The Suezmax vessel Demetrios, which can carry as much as one million barrels, is loading at the port of Es Sider for export to China, according to a person familiar with the situation, who asked not to be identified because the matter is not public.
Fighting between rival groups erupted on March 3, disrupting output and forcing Es Sider and Ras Lanuf, the country’s third-biggest terminal, to halt shipments.
Operations at both ports restarted later this month after the clashes ended.
Libya’s oil production has climbed back to where it was before the battle for control of the ports forced Waha Oil which feeds Es Sider, to suspend output.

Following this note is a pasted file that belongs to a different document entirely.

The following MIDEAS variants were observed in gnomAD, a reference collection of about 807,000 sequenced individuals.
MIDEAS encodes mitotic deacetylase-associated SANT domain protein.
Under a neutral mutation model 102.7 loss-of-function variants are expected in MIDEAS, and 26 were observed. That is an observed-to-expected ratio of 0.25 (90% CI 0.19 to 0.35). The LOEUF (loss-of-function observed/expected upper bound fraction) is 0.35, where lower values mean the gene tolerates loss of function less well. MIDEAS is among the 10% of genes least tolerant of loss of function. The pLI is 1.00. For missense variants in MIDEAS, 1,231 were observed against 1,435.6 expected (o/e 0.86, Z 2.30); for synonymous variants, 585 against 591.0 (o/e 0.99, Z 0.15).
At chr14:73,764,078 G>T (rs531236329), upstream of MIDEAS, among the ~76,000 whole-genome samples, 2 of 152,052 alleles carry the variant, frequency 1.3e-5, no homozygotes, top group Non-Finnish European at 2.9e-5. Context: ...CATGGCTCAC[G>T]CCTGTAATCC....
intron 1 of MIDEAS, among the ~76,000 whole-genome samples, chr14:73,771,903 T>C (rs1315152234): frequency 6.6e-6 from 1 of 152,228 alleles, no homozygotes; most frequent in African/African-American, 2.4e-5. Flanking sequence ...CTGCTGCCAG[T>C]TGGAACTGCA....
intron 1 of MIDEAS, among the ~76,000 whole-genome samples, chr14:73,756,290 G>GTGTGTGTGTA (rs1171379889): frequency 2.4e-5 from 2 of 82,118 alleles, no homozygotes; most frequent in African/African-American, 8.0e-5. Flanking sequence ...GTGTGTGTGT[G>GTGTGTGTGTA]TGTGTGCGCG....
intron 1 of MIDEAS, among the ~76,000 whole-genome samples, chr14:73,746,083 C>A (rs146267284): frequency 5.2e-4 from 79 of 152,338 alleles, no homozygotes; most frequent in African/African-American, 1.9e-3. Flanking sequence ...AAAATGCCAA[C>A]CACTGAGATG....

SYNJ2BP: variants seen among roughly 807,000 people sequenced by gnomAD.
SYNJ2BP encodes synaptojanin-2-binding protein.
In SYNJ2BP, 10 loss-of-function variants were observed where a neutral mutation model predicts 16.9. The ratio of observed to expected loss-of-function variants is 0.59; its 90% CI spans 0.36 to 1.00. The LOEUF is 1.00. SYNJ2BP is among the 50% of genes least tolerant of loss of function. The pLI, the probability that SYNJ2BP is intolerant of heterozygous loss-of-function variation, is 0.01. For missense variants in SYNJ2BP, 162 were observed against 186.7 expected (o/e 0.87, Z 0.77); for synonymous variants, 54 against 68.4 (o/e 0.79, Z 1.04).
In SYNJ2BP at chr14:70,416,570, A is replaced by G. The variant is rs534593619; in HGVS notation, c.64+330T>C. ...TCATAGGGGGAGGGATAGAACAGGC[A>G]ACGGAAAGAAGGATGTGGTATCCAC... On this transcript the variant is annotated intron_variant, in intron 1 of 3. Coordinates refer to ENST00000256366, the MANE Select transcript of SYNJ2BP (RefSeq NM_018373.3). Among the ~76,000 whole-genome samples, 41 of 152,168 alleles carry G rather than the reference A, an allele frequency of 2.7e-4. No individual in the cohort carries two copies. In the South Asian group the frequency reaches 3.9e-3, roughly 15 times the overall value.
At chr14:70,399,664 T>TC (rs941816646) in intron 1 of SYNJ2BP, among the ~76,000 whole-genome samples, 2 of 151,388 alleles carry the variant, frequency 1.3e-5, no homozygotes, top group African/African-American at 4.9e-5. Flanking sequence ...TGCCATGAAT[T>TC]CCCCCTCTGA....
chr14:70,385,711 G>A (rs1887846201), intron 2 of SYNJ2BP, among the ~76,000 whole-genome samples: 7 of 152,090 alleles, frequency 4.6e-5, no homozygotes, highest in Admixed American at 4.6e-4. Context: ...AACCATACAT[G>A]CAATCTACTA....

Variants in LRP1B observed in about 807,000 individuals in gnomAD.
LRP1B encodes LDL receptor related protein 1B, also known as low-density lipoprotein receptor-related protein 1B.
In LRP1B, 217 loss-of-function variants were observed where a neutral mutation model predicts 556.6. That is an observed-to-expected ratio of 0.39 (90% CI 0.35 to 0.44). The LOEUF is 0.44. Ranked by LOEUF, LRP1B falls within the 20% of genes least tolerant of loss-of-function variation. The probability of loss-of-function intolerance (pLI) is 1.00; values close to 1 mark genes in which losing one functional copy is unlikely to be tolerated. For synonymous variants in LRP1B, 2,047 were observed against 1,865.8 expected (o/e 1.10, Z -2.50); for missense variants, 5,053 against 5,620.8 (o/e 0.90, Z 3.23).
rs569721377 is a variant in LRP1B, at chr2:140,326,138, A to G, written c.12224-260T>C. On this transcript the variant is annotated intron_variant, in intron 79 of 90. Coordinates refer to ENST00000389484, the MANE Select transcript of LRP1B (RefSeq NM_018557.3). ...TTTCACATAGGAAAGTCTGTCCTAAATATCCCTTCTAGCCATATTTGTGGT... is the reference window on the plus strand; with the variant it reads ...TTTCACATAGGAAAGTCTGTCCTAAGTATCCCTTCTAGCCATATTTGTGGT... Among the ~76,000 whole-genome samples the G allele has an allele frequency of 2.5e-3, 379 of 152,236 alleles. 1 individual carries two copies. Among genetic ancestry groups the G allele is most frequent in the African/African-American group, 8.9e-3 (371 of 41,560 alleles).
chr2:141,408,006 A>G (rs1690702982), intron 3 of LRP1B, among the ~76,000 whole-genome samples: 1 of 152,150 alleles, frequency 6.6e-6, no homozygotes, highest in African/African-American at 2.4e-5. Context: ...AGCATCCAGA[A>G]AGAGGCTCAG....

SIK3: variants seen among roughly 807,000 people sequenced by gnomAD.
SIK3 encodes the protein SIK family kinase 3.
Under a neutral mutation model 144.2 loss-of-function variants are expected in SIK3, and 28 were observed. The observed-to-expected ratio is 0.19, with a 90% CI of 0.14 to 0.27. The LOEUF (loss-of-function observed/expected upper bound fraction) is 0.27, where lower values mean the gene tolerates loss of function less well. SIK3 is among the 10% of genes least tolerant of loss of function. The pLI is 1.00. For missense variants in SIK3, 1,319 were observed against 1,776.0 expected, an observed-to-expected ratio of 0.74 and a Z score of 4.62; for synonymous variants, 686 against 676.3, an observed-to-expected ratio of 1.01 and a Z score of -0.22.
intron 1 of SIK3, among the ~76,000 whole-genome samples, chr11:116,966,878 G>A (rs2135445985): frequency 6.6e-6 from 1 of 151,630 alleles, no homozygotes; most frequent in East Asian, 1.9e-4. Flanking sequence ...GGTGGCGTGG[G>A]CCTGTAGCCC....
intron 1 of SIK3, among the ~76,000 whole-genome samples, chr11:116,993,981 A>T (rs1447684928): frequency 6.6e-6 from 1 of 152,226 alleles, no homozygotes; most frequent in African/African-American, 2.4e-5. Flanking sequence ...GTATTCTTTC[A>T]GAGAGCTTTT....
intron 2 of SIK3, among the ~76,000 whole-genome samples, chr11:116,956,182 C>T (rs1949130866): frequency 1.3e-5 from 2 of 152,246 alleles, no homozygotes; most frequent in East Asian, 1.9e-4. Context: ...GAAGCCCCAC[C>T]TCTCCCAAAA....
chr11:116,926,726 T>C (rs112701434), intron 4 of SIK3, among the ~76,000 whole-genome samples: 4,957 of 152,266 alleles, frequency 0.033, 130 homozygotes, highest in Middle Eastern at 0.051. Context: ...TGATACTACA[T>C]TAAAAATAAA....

The country is producing 700 000 barrels a day and targets 800000 before the end of April, Mustafa Sanalla, chairperson of state-run National Oil Corporation (NOC), said last week.
Waha, which is a joint venture between the NOC, Hess Corporation, Marathon Oil Corporation and ConocoPhillips, has resumed output and is pumping 60000 barrels a day compared with 80000 before the latest hostilities, Jadalla Alaokali, an NOC board member, said on March 23.
Exports from Es Sider are restarting as members of the Opec and allied producers meet in Kuwait to discuss possibly extending an output-cuts deal beyond June.
The more oil Libya pumps, the greater the pressure on its fellow Opec members as they seek to clear a global glut.
The country produced 1.6 million barrels a day before a 2011 revolt sparked fighting that prompted foreign investors to withdraw, hobbling its oil industry.